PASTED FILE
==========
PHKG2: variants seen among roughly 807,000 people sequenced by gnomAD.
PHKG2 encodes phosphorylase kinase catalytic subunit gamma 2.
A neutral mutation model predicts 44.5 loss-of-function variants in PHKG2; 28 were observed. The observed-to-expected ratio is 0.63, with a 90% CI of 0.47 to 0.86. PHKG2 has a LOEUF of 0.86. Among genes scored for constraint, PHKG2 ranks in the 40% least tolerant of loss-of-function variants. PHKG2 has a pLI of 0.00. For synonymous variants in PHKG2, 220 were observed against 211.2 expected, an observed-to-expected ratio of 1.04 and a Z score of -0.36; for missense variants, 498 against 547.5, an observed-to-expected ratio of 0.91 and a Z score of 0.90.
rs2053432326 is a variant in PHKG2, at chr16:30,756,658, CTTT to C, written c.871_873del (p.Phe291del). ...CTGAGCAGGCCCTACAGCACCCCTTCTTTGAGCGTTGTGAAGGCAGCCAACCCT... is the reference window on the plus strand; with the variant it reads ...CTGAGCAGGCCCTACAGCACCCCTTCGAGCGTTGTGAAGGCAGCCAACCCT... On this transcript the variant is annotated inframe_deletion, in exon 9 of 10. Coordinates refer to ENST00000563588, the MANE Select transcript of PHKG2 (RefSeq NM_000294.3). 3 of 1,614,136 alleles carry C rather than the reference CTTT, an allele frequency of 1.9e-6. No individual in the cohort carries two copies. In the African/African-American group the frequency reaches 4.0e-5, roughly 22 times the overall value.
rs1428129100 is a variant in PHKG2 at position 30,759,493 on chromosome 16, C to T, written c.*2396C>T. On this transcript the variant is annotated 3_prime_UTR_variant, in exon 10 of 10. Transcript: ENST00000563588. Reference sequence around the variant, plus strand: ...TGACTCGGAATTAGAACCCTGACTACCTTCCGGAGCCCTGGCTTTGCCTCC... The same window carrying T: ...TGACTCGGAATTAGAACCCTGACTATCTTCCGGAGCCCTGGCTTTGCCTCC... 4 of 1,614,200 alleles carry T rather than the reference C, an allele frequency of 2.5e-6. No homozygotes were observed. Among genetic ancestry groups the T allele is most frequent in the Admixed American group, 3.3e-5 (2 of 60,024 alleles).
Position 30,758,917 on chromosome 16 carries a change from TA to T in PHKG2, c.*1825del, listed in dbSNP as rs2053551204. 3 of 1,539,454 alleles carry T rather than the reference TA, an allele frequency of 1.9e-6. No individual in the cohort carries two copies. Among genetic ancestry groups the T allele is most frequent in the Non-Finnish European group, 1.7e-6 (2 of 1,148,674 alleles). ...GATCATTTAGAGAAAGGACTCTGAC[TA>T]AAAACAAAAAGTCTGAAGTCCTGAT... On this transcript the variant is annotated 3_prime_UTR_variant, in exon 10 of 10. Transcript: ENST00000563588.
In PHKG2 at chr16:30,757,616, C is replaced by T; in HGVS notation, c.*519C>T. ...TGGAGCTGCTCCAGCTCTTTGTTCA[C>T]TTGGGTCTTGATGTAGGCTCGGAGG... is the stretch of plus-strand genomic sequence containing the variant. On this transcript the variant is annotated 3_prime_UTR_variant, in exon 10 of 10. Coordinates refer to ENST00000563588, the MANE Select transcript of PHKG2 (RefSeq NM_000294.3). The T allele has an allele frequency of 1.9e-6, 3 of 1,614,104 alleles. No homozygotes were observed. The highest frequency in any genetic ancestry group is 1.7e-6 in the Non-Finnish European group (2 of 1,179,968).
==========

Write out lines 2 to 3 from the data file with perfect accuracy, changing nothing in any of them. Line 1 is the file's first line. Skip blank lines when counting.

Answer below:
PHKG2 encodes phosphorylase kinase catalytic subunit gamma 2.
A neutral mutation model predicts 44.5 loss-of-function variants in PHKG2; 28 were observed. The observed-to-expected ratio is 0.63, with a 90% CI of 0.47 to 0.86. PHKG2 has a LOEUF of 0.86. Among genes scored for constraint, PHKG2 ranks in the 40% least tolerant of loss-of-function variants. PHKG2 has a pLI of 0.00. For synonymous variants in PHKG2, 220 were observed against 211.2 expected, an observed-to-expected ratio of 1.04 and a Z score of -0.36; for missense variants, 498 against 547.5, an observed-to-expected ratio of 0.91 and a Z score of 0.90.